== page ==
Suppose you were told that there is something responsible for nearly 1 of every 5 deaths of Americans, and that it is completely avoidable. Would you believe — today — that “something” is cigarette smoking?

If you’re a college graduate, you might not believe it. You don’t smoke. Your friends and colleagues don’t smoke. You never see smoke in your workplace, nor in the restaurants and bars you frequent. Like many of the nation’s most educated citizens, you may well regard the problem of smoking as largely solved. Because the educated population is also the most politically engaged, cigarette smoking has virtually disappeared from the nation’s health policy agenda.

I’m not a smoker, although like many of you I was one (45 years ago, in my case). As a student of tobacco policy for over 40 years, I have helped to document the remarkable progress we have made against smoking. But I also appreciate why smoking remains our nation’s most avoidable cause of disability and premature death. The lack of policy attention to smoking is a public health tragedy.

The good news and the bad news

No one can deny the extraordinary victories against smoking. Since the 1964 Surgeon General’s report on smoking and health, adult smoking prevalence has dropped by two-thirds, from 43 percent to 14 percent.

The decrease among young people has been even more substantial. For example, since smoking peaked among high school seniors 20 years ago, smoking prevalence in the past 30 days has plummeted by nearly 80 percent.

Prompted by tobacco control initiatives, Americans’ decisions to quit smoking and not to start in the first place avoided 8 million premature deaths from 1964 to 2012. The Centers for Disease Control and Prevention considers tobacco control one of the 10 greatest public health achievements of the 20th century and of the first decade of the 21st.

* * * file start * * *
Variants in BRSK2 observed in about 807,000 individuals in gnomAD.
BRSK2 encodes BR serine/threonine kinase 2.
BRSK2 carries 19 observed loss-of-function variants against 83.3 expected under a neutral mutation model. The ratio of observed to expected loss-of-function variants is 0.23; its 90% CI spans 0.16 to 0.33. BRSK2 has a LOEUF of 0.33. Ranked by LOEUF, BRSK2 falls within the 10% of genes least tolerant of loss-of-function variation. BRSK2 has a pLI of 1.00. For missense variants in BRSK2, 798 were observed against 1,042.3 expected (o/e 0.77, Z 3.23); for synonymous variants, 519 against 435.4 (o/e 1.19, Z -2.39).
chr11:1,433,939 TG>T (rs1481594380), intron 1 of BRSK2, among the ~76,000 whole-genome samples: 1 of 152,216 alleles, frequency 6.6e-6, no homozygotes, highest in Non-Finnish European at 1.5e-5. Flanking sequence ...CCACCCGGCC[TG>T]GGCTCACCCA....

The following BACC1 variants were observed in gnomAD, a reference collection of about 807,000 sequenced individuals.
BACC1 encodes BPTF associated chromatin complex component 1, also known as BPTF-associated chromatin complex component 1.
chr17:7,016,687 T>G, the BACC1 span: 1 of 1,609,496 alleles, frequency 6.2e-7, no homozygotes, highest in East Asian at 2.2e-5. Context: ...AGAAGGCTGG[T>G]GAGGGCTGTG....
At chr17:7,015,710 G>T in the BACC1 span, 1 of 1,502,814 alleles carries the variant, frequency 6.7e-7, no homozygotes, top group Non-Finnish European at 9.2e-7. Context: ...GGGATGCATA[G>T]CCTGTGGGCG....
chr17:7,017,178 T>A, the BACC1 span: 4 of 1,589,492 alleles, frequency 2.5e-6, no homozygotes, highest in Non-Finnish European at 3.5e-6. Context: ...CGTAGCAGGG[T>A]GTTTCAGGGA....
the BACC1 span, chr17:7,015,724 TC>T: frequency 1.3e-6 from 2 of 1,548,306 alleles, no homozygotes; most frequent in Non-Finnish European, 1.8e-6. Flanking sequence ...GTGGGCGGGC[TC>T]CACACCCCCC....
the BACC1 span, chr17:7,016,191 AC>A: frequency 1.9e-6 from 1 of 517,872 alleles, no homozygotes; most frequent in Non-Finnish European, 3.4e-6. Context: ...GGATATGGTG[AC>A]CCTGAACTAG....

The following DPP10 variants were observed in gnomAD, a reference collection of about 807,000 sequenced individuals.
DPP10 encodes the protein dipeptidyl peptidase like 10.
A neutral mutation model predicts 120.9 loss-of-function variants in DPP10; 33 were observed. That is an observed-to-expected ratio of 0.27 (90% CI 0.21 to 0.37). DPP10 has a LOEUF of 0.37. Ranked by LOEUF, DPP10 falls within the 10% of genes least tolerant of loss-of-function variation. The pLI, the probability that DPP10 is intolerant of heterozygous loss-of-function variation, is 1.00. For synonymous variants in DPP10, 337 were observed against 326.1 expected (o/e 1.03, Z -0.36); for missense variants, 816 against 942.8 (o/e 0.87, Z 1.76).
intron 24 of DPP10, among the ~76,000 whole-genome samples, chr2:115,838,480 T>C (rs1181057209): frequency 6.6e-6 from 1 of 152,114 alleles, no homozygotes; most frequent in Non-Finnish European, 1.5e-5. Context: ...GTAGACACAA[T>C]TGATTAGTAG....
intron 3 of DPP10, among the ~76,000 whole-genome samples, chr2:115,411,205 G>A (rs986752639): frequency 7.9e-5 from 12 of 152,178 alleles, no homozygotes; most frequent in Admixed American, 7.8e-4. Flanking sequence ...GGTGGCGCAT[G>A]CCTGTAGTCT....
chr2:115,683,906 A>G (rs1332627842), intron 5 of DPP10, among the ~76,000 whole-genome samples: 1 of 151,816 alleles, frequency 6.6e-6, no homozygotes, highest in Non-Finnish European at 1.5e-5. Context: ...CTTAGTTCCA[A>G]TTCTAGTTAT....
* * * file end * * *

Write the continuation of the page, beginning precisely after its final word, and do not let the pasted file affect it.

That’s the good news. The bad news is that 1 of every 7 adults still smokes. And smoking kills nearly 500,000 Americans every year. That number exceeds — by a lot — the sum total of all deaths caused by the opioids and other drugs, alcohol, motor vehicle injuries, homicide, suicide, HIV/AIDS and fires.

The role of education

What accounts for the divergence between common perceptions about smoking and the dismal reality? In large part it is remarkable changes in who is smoking. Increasingly, today’s smokers are those with lower education, lower income and — importantly — a higher incidence of mental illness.

Consider this: In 1966, the smoking rate of Americans who hadn’t graduated high school was just 20 percent greater than that of college grads. By 2017, in contrast, the smoking prevalence of the least educated was nearly four times greater than that of the most educated.

Smoking has declined substantially at both ends of the education spectrum but to a much higher degree among college graduates: by half among Americans lacking a high school degree, but by 85 percent among college graduates.